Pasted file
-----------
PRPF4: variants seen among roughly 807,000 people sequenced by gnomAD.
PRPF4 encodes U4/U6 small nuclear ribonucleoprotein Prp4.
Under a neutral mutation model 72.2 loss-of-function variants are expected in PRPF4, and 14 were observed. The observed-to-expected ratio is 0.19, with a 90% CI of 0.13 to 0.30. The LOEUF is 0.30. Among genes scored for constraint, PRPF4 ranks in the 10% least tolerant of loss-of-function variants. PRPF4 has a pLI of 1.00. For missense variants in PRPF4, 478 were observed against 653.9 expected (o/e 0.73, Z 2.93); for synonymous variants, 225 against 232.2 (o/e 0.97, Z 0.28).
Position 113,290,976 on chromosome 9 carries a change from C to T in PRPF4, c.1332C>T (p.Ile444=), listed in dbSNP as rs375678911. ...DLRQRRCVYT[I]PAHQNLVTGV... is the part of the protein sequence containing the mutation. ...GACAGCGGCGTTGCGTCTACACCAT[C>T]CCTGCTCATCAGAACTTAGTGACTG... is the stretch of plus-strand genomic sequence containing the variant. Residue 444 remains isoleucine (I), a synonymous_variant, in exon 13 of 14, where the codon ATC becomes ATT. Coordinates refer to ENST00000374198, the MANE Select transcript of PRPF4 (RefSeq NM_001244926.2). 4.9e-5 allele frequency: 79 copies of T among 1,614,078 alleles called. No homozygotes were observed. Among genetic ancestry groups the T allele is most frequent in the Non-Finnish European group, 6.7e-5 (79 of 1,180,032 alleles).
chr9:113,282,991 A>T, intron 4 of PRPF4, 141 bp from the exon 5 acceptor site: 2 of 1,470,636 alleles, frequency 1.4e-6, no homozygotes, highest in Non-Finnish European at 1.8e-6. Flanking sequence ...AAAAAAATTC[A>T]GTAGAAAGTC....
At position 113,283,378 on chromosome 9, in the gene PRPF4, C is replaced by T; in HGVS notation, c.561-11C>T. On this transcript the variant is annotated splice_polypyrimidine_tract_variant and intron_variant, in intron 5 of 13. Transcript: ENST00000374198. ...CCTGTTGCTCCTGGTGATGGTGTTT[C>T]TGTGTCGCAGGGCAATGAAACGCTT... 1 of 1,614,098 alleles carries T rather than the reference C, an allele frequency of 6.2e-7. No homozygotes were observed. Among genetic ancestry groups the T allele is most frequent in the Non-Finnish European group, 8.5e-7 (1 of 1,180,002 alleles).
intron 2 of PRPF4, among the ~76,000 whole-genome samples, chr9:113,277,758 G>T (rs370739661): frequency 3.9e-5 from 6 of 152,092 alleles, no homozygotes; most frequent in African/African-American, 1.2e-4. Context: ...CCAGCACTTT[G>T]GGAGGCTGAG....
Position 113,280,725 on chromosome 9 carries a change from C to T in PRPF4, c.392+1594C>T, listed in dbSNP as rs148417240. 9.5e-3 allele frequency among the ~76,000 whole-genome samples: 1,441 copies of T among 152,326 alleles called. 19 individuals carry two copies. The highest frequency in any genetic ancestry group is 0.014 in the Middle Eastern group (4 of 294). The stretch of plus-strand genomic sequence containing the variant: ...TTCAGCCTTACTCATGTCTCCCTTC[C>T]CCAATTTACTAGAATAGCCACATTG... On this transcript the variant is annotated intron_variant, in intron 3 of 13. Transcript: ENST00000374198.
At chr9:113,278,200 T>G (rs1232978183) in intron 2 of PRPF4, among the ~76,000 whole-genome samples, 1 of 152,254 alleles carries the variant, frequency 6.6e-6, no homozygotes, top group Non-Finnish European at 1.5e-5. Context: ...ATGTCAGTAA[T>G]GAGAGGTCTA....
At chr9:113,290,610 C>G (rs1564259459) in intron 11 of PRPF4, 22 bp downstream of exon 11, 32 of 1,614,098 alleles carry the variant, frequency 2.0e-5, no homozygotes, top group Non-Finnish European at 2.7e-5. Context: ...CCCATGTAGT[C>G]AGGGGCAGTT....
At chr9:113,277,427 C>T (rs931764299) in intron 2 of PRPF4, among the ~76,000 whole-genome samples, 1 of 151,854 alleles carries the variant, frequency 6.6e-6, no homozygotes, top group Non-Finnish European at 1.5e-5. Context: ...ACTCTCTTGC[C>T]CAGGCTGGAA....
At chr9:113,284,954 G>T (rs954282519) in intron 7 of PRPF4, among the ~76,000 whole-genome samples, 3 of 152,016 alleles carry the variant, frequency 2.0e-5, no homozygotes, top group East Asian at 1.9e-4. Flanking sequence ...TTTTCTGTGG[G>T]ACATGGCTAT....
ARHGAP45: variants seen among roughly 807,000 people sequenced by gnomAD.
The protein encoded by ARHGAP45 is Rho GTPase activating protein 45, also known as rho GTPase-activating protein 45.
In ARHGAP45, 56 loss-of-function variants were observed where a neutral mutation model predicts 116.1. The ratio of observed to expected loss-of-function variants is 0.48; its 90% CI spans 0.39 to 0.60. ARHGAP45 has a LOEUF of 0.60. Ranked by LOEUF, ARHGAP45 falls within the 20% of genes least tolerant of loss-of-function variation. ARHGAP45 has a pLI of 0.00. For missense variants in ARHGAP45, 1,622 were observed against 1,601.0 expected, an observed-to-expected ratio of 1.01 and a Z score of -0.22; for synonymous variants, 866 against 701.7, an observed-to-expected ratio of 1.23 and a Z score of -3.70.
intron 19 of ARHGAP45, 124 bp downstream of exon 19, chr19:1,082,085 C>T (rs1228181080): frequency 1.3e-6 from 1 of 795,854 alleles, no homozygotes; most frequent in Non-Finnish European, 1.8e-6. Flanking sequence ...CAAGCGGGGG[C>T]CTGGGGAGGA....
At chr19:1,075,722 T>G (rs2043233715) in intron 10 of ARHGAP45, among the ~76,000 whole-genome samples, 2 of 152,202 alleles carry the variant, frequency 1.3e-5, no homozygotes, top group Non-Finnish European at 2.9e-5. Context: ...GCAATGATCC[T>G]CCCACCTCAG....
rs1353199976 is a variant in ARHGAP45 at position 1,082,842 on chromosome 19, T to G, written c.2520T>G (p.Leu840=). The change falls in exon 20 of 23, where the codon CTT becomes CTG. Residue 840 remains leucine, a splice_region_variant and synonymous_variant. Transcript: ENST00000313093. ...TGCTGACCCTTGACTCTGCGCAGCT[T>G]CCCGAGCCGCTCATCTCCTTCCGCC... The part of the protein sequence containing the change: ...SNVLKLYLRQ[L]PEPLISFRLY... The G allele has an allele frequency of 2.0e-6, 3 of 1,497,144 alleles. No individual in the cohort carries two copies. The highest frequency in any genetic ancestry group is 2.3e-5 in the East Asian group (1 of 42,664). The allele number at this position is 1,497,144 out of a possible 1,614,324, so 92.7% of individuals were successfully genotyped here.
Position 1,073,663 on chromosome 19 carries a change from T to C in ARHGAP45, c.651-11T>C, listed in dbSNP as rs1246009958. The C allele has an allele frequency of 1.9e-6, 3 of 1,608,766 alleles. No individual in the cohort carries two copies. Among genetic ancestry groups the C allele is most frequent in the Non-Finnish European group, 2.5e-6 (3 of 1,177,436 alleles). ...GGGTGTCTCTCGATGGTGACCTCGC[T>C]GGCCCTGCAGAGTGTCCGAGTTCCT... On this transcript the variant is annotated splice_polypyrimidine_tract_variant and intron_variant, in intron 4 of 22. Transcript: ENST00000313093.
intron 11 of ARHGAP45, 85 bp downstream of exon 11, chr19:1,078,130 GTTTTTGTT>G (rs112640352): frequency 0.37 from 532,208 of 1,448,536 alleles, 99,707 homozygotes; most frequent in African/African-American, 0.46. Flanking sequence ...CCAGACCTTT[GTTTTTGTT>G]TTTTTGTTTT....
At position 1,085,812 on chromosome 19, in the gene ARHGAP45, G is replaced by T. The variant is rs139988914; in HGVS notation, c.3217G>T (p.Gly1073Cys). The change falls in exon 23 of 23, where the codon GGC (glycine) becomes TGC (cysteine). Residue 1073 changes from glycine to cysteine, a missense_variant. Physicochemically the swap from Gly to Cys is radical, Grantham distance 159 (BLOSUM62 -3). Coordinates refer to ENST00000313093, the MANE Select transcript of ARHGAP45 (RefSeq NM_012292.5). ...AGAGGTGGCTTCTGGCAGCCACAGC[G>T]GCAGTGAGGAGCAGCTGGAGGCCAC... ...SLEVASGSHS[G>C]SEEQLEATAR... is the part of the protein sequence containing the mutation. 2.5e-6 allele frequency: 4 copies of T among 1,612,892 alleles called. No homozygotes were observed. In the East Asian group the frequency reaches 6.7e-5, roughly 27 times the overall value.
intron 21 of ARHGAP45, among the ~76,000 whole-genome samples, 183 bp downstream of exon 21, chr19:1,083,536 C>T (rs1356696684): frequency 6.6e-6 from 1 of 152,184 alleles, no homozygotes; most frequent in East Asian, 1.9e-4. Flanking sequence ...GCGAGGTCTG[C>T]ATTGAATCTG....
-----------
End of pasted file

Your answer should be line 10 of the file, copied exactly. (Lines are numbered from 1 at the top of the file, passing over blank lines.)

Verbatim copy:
At chr9:113,290,610 C>G (rs1564259459) in intron 11 of PRPF4, 22 bp downstream of exon 11, 32 of 1,614,098 alleles carry the variant, frequency 2.0e-5, no homozygotes, top group Non-Finnish European at 2.7e-5. Context: ...CCCATGTAGT[C>G]AGGGGCAGTT....